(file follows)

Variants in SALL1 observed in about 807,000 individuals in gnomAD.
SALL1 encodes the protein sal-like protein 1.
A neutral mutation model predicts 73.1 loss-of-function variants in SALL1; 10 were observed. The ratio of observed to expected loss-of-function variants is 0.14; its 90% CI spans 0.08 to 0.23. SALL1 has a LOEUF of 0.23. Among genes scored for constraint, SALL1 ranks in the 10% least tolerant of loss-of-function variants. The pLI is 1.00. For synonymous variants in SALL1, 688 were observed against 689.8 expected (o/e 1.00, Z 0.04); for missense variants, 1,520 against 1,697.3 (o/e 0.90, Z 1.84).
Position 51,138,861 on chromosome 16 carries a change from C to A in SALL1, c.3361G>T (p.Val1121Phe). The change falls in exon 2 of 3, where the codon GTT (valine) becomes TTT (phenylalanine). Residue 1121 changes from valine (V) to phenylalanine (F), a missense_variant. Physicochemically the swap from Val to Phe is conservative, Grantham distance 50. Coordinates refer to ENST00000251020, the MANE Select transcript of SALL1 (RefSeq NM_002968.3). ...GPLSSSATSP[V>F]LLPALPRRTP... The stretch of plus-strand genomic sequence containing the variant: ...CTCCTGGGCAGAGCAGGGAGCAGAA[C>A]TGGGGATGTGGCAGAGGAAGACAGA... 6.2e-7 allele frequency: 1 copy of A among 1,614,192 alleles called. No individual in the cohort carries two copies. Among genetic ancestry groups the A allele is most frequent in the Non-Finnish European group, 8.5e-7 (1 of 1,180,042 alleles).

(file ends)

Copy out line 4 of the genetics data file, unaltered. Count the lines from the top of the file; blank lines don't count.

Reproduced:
Position 51,138,861 on chromosome 16 carries a change from C to A in SALL1, c.3361G>T (p.Val1121Phe). The change falls in exon 2 of 3, where the codon GTT (valine) becomes TTT (phenylalanine). Residue 1121 changes from valine (V) to phenylalanine (F), a missense_variant. Physicochemically the swap from Val to Phe is conservative, Grantham distance 50. Coordinates refer to ENST00000251020, the MANE Select transcript of SALL1 (RefSeq NM_002968.3). ...GPLSSSATSP[V>F]LLPALPRRTP... The stretch of plus-strand genomic sequence containing the variant: ...CTCCTGGGCAGAGCAGGGAGCAGAA[C>A]TGGGGATGTGGCAGAGGAAGACAGA... 6.2e-7 allele frequency: 1 copy of A among 1,614,192 alleles called. No individual in the cohort carries two copies. Among genetic ancestry groups the A allele is most frequent in the Non-Finnish European group, 8.5e-7 (1 of 1,180,042 alleles).